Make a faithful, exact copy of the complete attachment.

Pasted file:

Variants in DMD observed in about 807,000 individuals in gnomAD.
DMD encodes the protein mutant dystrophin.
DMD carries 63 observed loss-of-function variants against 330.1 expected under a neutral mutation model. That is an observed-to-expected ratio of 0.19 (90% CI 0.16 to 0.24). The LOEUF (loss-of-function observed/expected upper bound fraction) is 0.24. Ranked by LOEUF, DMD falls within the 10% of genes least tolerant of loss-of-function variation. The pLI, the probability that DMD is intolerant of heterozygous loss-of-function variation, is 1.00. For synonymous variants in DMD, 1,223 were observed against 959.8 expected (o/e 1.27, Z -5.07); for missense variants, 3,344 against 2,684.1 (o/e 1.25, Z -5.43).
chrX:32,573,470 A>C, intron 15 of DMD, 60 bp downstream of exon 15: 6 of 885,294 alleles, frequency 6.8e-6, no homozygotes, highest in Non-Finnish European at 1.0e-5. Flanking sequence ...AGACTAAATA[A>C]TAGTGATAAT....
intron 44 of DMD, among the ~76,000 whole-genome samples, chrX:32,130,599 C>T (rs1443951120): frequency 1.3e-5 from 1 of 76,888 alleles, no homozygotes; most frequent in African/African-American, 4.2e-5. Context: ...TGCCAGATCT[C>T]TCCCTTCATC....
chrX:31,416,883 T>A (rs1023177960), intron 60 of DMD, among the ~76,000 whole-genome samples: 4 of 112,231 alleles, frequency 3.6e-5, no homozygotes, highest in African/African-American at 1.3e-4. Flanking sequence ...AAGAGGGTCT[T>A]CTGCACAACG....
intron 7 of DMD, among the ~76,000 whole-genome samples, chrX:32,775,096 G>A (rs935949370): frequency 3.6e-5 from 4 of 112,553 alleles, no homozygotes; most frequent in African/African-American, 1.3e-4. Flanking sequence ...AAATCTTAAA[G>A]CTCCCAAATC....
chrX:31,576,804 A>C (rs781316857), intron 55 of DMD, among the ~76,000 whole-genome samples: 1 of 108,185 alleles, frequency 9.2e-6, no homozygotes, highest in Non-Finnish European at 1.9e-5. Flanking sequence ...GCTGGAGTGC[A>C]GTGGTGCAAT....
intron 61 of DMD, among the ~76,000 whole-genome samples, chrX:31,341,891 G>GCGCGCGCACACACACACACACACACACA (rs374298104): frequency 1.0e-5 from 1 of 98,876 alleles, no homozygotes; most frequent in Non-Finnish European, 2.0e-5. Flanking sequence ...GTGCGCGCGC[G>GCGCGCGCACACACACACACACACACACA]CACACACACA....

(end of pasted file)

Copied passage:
Variants in DMD observed in about 807,000 individuals in gnomAD.
DMD encodes the protein mutant dystrophin.
DMD carries 63 observed loss-of-function variants against 330.1 expected under a neutral mutation model. That is an observed-to-expected ratio of 0.19 (90% CI 0.16 to 0.24). The LOEUF (loss-of-function observed/expected upper bound fraction) is 0.24. Ranked by LOEUF, DMD falls within the 10% of genes least tolerant of loss-of-function variation. The pLI, the probability that DMD is intolerant of heterozygous loss-of-function variation, is 1.00. For synonymous variants in DMD, 1,223 were observed against 959.8 expected (o/e 1.27, Z -5.07); for missense variants, 3,344 against 2,684.1 (o/e 1.25, Z -5.43).
chrX:32,573,470 A>C, intron 15 of DMD, 60 bp downstream of exon 15: 6 of 885,294 alleles, frequency 6.8e-6, no homozygotes, highest in Non-Finnish European at 1.0e-5. Flanking sequence ...AGACTAAATA[A>C]TAGTGATAAT....
intron 44 of DMD, among the ~76,000 whole-genome samples, chrX:32,130,599 C>T (rs1443951120): frequency 1.3e-5 from 1 of 76,888 alleles, no homozygotes; most frequent in African/African-American, 4.2e-5. Context: ...TGCCAGATCT[C>T]TCCCTTCATC....
chrX:31,416,883 T>A (rs1023177960), intron 60 of DMD, among the ~76,000 whole-genome samples: 4 of 112,231 alleles, frequency 3.6e-5, no homozygotes, highest in African/African-American at 1.3e-4. Flanking sequence ...AAGAGGGTCT[T>A]CTGCACAACG....
intron 7 of DMD, among the ~76,000 whole-genome samples, chrX:32,775,096 G>A (rs935949370): frequency 3.6e-5 from 4 of 112,553 alleles, no homozygotes; most frequent in African/African-American, 1.3e-4. Flanking sequence ...AAATCTTAAA[G>A]CTCCCAAATC....
chrX:31,576,804 A>C (rs781316857), intron 55 of DMD, among the ~76,000 whole-genome samples: 1 of 108,185 alleles, frequency 9.2e-6, no homozygotes, highest in Non-Finnish European at 1.9e-5. Flanking sequence ...GCTGGAGTGC[A>C]GTGGTGCAAT....
intron 61 of DMD, among the ~76,000 whole-genome samples, chrX:31,341,891 G>GCGCGCGCACACACACACACACACACACA (rs374298104): frequency 1.0e-5 from 1 of 98,876 alleles, no homozygotes; most frequent in Non-Finnish European, 2.0e-5. Flanking sequence ...GTGCGCGCGC[G>GCGCGCGCACACACACACACACACACACA]CACACACACA....